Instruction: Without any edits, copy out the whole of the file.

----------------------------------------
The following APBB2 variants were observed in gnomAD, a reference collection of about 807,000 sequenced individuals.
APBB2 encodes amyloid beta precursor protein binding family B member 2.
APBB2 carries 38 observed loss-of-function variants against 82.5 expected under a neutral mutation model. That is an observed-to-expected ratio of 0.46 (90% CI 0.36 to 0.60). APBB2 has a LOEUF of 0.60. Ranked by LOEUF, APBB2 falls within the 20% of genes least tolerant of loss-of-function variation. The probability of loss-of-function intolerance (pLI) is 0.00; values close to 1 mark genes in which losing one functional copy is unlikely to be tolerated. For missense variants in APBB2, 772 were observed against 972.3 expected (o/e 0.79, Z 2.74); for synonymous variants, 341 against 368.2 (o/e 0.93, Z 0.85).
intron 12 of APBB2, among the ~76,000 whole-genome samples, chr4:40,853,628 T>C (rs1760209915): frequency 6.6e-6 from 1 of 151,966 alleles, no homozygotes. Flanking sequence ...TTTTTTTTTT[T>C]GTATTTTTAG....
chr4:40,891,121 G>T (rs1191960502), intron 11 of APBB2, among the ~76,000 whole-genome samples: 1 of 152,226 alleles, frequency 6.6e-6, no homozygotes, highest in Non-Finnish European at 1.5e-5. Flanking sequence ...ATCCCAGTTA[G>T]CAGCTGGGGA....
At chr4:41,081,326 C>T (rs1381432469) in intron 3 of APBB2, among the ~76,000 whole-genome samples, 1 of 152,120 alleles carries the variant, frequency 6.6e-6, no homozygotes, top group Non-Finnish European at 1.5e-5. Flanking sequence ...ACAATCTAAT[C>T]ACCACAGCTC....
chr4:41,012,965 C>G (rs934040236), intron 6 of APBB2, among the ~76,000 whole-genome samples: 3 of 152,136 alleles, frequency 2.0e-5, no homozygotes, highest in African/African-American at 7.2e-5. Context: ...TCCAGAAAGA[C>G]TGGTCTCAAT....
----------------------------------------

The following APBB2 variants were observed in gnomAD, a reference collection of about 807,000 sequenced individuals.
APBB2 encodes amyloid beta precursor protein binding family B member 2.
APBB2 carries 38 observed loss-of-function variants against 82.5 expected under a neutral mutation model. That is an observed-to-expected ratio of 0.46 (90% CI 0.36 to 0.60). APBB2 has a LOEUF of 0.60. Ranked by LOEUF, APBB2 falls within the 20% of genes least tolerant of loss-of-function variation. The probability of loss-of-function intolerance (pLI) is 0.00; values close to 1 mark genes in which losing one functional copy is unlikely to be tolerated. For missense variants in APBB2, 772 were observed against 972.3 expected (o/e 0.79, Z 2.74); for synonymous variants, 341 against 368.2 (o/e 0.93, Z 0.85).
intron 12 of APBB2, among the ~76,000 whole-genome samples, chr4:40,853,628 T>C (rs1760209915): frequency 6.6e-6 from 1 of 151,966 alleles, no homozygotes. Flanking sequence ...TTTTTTTTTT[T>C]GTATTTTTAG....
chr4:40,891,121 G>T (rs1191960502), intron 11 of APBB2, among the ~76,000 whole-genome samples: 1 of 152,226 alleles, frequency 6.6e-6, no homozygotes, highest in Non-Finnish European at 1.5e-5. Flanking sequence ...ATCCCAGTTA[G>T]CAGCTGGGGA....
At chr4:41,081,326 C>T (rs1381432469) in intron 3 of APBB2, among the ~76,000 whole-genome samples, 1 of 152,120 alleles carries the variant, frequency 6.6e-6, no homozygotes, top group Non-Finnish European at 1.5e-5. Flanking sequence ...ACAATCTAAT[C>T]ACCACAGCTC....
chr4:41,012,965 C>G (rs934040236), intron 6 of APBB2, among the ~76,000 whole-genome samples: 3 of 152,136 alleles, frequency 2.0e-5, no homozygotes, highest in African/African-American at 7.2e-5. Context: ...TCCAGAAAGA[C>G]TGGTCTCAAT....